Word Cloud Explorations

JC and SA looked at Word Clouds as a way to generate clouds of words that commonly used words within a text e.g. words being used by students in essays or for poetry. This could be used to show words that they are overusing or underusing. Some Word clouds that we looked at included:

*Wordle & Guide, Uses*Word Clouds for Kids *Tag Crowd; *Tagul

*WorditOut; *YippyCloud
*WordSift; *Tagxedo;
*Word Mosaic; Tag Crowd;
*You Are Your Words; WordSift

We chose not to explore Wordle as we wanted to see what else was available.

Looking at Wordsift we discovered that by copying and pasting an essay into the text box, a word cloud was generated with most commonly used words appearing in a bigger font. Then what was also generated were examples of key words in sentences, visual images connected to these words and a visual thesaurus.

Word sift

Looking at Tagcloud, we found that it generated words in a similar way, but it also had a feature which would mean that we could edit the content as we needed.

Tag Crowd

Word Mosaic was good for generating key words. Words can be arranged to a shape. Not particularly useful for large pieces of texts such as essays but could be good for poetry or presenting subject vocabulary in an interesting way. It can make some really amazing displays of words with a theme e.g. vocabulary attached to war in the shape of a skull. However, there is a limited choice of shapes…skull, heart, stick man, music, water droplets and stars. Here’s an example of some key words from History:

Word Mosaic

Looking at Yippy Cloud, it can generate a few simple words into a cloud but had a lot of limitations and couldn’t handle a large amount of text or do something that another word cloud generator could do.

Looking at Tagxedo, it is able to generate word clouds from news articles, websites and links e.g. Twitter. Very stylish. There is also a way to embed the material generated onto Moodle. 101 ways http://blog.tagxedo.com/101-ways-to-use-tagxedo-completed

Tagxedo examples   Tagxedo 4 Tagxedo 3 Tagxedo 2

In the time we spent looking at these Word Clouds, we found Tagxedo to be the most interesting to explore and use.  Scott pasted the text of an essay written by his students on the causes of WW2 – Tagxedo processed the 1,000 word essay, he set the shape and colour settings, and created this cloud:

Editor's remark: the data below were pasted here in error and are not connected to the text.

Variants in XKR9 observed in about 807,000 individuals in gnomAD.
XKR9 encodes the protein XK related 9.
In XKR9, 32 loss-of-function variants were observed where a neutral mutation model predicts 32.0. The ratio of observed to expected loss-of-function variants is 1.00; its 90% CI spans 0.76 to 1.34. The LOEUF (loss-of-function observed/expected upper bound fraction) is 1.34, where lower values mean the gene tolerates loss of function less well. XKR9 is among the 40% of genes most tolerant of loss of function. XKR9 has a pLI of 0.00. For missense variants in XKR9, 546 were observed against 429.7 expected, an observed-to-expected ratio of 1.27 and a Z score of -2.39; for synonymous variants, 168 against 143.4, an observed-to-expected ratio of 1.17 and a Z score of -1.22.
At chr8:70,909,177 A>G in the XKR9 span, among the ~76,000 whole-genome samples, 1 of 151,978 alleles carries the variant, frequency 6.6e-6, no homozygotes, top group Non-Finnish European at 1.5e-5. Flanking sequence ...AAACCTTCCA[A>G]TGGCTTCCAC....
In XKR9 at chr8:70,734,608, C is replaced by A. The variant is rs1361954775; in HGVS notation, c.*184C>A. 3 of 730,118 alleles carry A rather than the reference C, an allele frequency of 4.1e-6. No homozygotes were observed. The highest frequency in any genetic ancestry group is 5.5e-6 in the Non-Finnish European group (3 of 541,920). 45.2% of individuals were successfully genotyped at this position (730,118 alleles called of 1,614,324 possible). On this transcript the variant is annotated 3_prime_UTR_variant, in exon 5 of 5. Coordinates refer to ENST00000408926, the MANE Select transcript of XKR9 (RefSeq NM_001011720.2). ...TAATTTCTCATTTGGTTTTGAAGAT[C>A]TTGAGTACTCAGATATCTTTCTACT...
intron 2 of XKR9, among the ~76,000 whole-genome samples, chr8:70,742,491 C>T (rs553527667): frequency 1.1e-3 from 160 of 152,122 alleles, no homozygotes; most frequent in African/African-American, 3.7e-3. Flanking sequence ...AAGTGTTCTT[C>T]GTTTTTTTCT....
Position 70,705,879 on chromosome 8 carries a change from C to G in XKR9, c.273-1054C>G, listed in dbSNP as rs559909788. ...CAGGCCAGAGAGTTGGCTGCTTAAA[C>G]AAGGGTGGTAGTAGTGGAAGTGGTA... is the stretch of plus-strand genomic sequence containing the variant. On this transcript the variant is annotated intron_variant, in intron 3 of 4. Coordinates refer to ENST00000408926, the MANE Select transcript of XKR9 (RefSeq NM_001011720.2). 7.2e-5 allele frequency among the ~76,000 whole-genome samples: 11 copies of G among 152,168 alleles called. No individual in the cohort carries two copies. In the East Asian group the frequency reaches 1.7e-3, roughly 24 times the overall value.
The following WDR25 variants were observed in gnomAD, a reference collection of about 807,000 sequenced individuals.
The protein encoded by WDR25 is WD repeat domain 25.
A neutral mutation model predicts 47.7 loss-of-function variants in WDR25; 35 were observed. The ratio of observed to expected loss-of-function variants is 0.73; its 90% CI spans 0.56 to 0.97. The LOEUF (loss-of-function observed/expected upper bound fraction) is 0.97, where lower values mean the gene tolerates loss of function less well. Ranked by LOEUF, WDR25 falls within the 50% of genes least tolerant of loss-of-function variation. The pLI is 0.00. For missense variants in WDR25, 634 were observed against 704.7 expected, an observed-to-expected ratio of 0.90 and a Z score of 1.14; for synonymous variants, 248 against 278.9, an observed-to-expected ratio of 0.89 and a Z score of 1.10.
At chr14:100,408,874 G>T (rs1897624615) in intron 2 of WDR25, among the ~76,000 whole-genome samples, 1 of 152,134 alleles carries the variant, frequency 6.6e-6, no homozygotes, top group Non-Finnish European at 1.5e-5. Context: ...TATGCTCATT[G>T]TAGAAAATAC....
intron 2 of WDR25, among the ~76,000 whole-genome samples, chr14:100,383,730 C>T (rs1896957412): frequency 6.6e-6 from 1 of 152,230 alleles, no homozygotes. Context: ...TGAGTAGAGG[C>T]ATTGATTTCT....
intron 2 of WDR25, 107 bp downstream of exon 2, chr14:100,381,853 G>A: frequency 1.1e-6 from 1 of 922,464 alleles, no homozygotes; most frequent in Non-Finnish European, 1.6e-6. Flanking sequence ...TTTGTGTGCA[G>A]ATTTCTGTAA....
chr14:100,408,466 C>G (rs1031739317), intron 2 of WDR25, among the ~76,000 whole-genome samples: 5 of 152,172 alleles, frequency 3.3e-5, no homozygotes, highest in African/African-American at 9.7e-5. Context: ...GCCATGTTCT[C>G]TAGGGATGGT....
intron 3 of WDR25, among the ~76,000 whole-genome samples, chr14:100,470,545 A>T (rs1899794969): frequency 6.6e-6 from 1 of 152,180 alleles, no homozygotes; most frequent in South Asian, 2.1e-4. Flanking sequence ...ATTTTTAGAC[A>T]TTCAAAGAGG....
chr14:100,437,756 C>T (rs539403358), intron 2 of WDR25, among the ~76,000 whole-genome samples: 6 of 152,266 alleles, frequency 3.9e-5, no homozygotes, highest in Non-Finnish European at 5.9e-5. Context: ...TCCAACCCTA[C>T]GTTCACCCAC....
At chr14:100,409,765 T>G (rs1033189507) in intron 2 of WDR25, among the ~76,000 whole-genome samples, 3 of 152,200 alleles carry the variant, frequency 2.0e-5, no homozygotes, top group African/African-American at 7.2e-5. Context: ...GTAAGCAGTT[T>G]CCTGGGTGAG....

Tagxedo Essay



  1. Health Warning! Tagxedo is addictive! I have been experimenting with it. I typed in lots of “drama” words, added some drama shapes and had a look at the results. What’s great is that I had to go back and delete some of the words I had originally put in as they weren’t really about the ‘essence’ of what I wanted to display. It made me refine exactly which words to use. I am going to ask my IB class to create one based on their recent research work.

    1. You are SO right! Kids enjoy it as well. They enjoy the ability to manipulate the actual shape. You can do some of that in Wordle, but Tagxedo takes it a step further. Here is the Tom McFadden WordPress. On the side you can see the “how to”. He is a Fulbright Scholar – please check out his videos they made in college as well. Really FAB! http://sciencewithtom.com/

  2. I love that you can change the words into a shape of your choice…with quite a good selection of shapes from animals (elephants, dolphins etc) to music keys to fruit and speech bubbles. I’m going to use it as a way to present some key words from a poem in the shape of the theme and then get students to try and write their own poems using the words and theme before showing them the real poem…

  3. JT – good point about the refining of words. That’s something I should explore with my classes when looking at essays. Thanks for the tip.

    Jenny – that’s a brilliant idea, sort-of reverse engineering a poem. I’d love to see some examples when you’ve got them.

  4. Have been enjoying Tagxedo with smaller creatures for a couple of years. Great for fancy VCOP presentation/gathering/general KS2 computer art. Used with Yr’s 2/3/4 and always been a hit.

  5. madalinaailincai · · Reply

    It looks great. Too bad I cannot use it that much in a math class.

    1. Could it be useful for Maths vocabulary or concepts?

  6. Today I set this as a homework for Y7 students to make a shape display of their spelling words for their spelling test. They are going to bring them into class to make a giant display…When I showed it to them in class, we made a group one as an example and they loved it!

    1. madalinaailincai · · Reply

      This is a great idea. I can apply it with my Algebra classes as well. Thanks for the tip.

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